Although it was only a splash page, it appeared as if it had been overwhelmed by traffic as it went live early afternoon.
"Millions of users hitting at once. I'm delighted by the interest. But servers can't handle it.The new Mega will," Dotcom tweeted, later adding that Mega needed "60 state-of-the-art portal servers" before it went live.
The splash page includes an explainer about how Mega will work.
Key features include one-click file encryption (with the "key" to each file held by the uploader so Mega staff won't know what's in it), and a distributed server system. Where Megaupload was hosted at a server farm in Virginia, Mega will is seeking hosts all around the planet - be they a couple of servers in a garage, or a large data centre. Multiple copies of the same file will be held on different servers in different territories, making the service hard to take down.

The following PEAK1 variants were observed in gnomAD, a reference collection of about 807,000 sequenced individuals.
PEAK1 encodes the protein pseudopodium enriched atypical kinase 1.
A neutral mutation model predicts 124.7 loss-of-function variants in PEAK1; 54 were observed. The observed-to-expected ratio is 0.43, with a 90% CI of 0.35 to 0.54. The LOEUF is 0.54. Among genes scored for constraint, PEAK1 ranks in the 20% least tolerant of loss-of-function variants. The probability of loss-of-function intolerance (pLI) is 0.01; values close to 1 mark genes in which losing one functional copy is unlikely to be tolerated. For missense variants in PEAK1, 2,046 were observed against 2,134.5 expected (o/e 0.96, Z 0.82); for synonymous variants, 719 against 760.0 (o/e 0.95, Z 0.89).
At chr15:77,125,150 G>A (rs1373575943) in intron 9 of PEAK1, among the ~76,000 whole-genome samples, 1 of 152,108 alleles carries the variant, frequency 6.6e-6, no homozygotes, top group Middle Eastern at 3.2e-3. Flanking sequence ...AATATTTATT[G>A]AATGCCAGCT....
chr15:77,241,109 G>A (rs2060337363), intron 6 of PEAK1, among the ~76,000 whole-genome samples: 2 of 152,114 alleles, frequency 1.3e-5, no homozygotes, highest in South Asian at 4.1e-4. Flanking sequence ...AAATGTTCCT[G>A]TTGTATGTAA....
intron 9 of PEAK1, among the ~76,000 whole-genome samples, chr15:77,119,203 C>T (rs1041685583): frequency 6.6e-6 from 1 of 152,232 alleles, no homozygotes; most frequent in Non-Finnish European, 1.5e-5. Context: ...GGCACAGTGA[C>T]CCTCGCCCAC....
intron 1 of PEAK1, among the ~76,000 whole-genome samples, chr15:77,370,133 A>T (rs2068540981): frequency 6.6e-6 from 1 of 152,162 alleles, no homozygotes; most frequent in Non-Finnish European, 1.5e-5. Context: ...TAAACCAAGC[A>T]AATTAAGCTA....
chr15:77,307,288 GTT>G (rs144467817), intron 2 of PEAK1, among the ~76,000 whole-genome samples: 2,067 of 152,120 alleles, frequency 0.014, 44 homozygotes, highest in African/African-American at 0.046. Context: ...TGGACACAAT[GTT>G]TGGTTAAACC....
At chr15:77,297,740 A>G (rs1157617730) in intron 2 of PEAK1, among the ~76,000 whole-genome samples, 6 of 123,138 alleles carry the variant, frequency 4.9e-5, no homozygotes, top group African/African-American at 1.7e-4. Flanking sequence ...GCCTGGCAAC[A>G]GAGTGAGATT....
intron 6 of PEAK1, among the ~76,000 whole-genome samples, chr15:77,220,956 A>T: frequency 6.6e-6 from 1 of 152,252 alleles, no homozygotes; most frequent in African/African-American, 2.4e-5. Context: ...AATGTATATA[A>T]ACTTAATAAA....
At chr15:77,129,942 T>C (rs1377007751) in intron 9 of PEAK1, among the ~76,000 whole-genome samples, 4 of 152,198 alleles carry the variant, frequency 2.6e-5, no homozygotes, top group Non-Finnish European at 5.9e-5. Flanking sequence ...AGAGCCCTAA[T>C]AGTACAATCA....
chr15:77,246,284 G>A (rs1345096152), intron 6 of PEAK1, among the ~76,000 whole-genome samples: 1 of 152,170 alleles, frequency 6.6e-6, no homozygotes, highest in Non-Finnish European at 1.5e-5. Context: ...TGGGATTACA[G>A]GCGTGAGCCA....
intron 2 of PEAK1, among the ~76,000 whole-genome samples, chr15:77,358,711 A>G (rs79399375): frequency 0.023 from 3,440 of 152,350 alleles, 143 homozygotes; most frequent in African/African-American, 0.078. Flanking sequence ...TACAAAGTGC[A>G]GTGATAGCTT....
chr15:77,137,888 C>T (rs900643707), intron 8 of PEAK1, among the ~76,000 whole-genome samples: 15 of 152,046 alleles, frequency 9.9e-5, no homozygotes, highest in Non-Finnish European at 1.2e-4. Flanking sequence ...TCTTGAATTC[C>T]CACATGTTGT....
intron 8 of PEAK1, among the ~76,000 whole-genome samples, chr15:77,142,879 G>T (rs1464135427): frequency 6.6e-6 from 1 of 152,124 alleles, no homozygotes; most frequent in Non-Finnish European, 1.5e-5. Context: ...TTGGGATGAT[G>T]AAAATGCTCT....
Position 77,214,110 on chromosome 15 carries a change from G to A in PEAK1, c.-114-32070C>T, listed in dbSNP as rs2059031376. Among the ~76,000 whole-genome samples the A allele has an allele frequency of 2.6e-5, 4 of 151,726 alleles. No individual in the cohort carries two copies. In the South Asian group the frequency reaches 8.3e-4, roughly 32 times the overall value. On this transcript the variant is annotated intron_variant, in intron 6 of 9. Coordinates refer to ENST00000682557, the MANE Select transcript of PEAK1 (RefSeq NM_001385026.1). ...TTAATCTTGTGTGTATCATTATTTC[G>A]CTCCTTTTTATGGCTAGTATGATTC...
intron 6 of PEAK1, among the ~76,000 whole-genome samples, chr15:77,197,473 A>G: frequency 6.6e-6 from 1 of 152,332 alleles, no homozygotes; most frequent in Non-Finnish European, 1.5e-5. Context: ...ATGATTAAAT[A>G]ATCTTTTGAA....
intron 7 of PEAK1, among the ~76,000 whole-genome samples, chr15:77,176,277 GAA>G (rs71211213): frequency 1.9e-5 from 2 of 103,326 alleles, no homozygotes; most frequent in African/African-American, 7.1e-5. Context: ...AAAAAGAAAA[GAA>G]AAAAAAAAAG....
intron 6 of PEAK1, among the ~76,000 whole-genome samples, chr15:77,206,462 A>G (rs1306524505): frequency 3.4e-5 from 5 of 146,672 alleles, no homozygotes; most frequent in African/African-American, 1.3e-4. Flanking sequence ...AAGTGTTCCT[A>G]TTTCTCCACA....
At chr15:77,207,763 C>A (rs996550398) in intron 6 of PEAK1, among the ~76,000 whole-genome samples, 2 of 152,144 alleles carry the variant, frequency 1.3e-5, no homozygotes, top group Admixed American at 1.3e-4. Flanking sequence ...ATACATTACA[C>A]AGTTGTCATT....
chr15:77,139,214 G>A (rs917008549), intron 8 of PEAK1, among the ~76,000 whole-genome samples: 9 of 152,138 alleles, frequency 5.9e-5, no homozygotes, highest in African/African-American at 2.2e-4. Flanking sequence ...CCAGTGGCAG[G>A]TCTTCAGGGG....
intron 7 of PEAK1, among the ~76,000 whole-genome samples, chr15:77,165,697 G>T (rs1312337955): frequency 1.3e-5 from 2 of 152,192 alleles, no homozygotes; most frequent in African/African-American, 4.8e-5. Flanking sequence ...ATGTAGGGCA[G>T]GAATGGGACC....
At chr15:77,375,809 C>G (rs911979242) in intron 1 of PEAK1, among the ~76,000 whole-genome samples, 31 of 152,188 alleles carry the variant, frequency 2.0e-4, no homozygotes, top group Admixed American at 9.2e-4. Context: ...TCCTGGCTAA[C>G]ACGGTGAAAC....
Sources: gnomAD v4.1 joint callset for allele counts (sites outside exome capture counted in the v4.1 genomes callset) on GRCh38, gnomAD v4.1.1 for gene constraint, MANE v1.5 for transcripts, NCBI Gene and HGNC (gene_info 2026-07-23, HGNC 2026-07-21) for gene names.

ABOVE: With its "make us an offer" line, Mega's "Become A Hosting Partner" page suggests a business model still under development, or at least loosely structured. Click screen shot to zoom.
The investor section of the splash site says, "We have raised sufficient funds to cover the launch, but we would like to provide Mega free of charge for as long as possible." In another tweet, he claimed he was seeing interest from un-named Arab investors.
Last weekend, Dotcom outlined new measures he says should reassure potential users amid a US Department of Justice threat to lay new charges if Mega launches (see below).
Today the entrepreneur was not about to crimp his style, despite the new drive to attract partners.